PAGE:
From the President
Herbert A. Spady
This will be my last message to you in this column. I have tried to keep these remarks short so as not to take up much Journal space and to keep them pertinent to the activities of the Society and your needs as members. At this time I want to comment on the joys and disappointments of being president of the American Rhododendron Society.
Of course the joys should be first. There is great personal satisfaction in achieving some success. The one that has been most exciting for me is the initiation of the electronic media programs of the ARS. Many of you who are not into using computers may think this is not too important, but it is the wave of the future. There is a massive amount of rhododendron information. Someday perhaps it will all be available on electronic media. That will make it amazingly convenient and fast for people to find data that they want. Now it may take hours and much expense to find it. Not infrequently the efforts are abandoned. In this area there is much work to be done, but we have made a good start. Progress will never be fast as long as we must depend on volunteer help.
There is no doubt in my mind that the greatest benefit of being president is the opportunity to meet so many wonderful people and visit so many outstanding gardens. Those people who do not participate in a plant society such as ours can appreciate the hospitality, kindness and generosity of gardeners. At the same time that our members are so gracious they spend countless hours keeping their gardens and many hours and resources donated to the functions of this Society. Never think that your Society or chapter officers gain any financial benefits from doing their jobs.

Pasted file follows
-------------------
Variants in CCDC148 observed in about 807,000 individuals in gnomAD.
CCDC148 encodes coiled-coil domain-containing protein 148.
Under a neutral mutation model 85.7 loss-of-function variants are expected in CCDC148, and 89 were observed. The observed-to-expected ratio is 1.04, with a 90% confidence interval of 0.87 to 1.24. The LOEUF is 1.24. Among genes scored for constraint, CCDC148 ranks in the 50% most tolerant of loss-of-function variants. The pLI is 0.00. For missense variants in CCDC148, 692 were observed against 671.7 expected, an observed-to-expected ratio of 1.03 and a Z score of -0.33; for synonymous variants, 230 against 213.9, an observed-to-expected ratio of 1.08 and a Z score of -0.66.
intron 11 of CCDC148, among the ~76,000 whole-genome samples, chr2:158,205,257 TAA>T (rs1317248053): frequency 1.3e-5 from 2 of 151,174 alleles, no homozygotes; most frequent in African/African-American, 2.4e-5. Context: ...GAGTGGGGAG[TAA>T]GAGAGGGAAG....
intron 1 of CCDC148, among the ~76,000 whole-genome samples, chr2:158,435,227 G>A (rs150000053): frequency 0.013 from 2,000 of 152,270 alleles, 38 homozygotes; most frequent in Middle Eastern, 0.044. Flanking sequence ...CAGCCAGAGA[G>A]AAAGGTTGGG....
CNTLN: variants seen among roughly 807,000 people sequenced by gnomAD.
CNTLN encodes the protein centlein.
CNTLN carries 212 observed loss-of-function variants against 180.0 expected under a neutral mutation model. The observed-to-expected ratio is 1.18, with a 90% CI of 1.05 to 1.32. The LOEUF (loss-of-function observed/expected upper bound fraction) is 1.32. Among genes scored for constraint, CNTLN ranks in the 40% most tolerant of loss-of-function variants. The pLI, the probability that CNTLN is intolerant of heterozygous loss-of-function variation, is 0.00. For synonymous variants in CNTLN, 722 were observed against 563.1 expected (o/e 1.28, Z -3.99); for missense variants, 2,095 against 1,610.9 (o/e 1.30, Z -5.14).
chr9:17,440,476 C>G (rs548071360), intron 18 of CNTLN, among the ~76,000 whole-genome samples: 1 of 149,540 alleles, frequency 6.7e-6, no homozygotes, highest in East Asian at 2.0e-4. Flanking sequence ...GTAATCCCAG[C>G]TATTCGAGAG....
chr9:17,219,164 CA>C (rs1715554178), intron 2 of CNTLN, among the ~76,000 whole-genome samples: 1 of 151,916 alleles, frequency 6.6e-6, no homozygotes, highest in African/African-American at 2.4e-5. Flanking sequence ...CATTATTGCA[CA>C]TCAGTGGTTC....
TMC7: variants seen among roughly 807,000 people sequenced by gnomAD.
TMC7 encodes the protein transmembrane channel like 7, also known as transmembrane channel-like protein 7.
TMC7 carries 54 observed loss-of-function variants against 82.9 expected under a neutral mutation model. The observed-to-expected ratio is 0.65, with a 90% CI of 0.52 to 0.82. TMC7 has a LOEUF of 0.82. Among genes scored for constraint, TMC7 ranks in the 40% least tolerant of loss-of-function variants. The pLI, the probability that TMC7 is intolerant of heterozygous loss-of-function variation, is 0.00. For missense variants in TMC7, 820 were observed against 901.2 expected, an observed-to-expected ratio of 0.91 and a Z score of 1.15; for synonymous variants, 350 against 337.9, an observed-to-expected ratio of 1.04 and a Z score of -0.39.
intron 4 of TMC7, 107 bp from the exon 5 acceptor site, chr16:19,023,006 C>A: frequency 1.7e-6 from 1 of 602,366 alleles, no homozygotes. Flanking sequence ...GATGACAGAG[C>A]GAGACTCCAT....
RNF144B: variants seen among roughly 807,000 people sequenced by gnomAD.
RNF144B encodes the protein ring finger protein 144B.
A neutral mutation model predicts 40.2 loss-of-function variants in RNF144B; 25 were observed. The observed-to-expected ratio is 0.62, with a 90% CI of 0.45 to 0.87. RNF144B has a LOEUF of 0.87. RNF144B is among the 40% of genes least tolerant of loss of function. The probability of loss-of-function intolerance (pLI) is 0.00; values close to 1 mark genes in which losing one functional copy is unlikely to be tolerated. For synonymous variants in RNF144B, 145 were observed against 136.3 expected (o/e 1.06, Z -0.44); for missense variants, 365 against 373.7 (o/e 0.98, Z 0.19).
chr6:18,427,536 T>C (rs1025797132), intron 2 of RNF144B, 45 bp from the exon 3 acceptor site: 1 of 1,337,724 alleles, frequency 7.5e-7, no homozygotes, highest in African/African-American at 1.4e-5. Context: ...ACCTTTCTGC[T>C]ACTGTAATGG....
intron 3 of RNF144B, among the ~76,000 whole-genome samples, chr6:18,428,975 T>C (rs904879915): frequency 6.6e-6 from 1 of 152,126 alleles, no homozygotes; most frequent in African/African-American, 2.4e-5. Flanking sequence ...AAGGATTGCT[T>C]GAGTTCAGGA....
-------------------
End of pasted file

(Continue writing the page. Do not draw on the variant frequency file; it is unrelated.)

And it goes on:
Perhaps my biggest disappointment at being president has been the fact that I have not been able to be a charismatic motivator and stimulator of other people. There are several areas where the Society's activities have lagged or been non-existent. It is not always possible to motivate volunteers. Threats of cutting their pay or firing them do not seem to be very effective. Regardless of the few disappointments I will never regret these years of service to this Society, I will be passing this administration on to some very able and dedicated people. For me the stress will be less and I will be able to devote more time to my favorite projects in the garden and in the milieu of genus Rhododendron. I wish to thank all those who have been helpful to me in performing the duties of this office.